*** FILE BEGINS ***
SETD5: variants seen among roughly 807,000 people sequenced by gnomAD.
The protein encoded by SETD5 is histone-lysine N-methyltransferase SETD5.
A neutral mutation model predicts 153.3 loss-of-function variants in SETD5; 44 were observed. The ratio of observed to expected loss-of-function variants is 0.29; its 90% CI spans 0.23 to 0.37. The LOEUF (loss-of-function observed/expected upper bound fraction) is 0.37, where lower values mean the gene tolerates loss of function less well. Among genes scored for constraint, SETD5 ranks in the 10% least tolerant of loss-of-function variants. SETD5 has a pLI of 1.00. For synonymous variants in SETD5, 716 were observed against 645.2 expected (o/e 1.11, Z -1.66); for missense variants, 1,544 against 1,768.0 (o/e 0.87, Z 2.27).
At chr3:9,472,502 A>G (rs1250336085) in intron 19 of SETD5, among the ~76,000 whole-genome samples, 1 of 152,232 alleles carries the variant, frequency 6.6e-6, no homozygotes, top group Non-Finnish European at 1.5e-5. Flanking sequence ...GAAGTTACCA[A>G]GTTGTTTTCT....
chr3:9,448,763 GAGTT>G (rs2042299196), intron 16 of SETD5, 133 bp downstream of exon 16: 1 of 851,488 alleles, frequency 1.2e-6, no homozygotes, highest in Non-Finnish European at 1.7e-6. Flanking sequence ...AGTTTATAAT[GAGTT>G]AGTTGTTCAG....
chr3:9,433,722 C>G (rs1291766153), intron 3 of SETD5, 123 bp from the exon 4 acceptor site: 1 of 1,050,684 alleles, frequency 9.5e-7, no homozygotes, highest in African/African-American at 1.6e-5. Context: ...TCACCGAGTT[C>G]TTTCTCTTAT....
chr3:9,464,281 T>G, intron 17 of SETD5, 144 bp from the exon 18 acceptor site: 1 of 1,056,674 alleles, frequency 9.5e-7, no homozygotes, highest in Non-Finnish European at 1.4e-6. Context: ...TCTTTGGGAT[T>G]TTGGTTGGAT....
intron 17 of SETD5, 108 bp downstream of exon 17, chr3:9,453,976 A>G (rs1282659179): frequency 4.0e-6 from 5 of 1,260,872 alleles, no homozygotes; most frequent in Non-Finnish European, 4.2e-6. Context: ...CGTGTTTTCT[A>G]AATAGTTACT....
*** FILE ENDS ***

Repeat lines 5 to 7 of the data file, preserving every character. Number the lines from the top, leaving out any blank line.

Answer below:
chr3:9,448,763 GAGTT>G (rs2042299196), intron 16 of SETD5, 133 bp downstream of exon 16: 1 of 851,488 alleles, frequency 1.2e-6, no homozygotes, highest in Non-Finnish European at 1.7e-6. Flanking sequence ...AGTTTATAAT[GAGTT>G]AGTTGTTCAG....
chr3:9,433,722 C>G (rs1291766153), intron 3 of SETD5, 123 bp from the exon 4 acceptor site: 1 of 1,050,684 alleles, frequency 9.5e-7, no homozygotes, highest in African/African-American at 1.6e-5. Context: ...TCACCGAGTT[C>G]TTTCTCTTAT....
chr3:9,464,281 T>G, intron 17 of SETD5, 144 bp from the exon 18 acceptor site: 1 of 1,056,674 alleles, frequency 9.5e-7, no homozygotes, highest in Non-Finnish European at 1.4e-6. Context: ...TCTTTGGGAT[T>G]TTGGTTGGAT....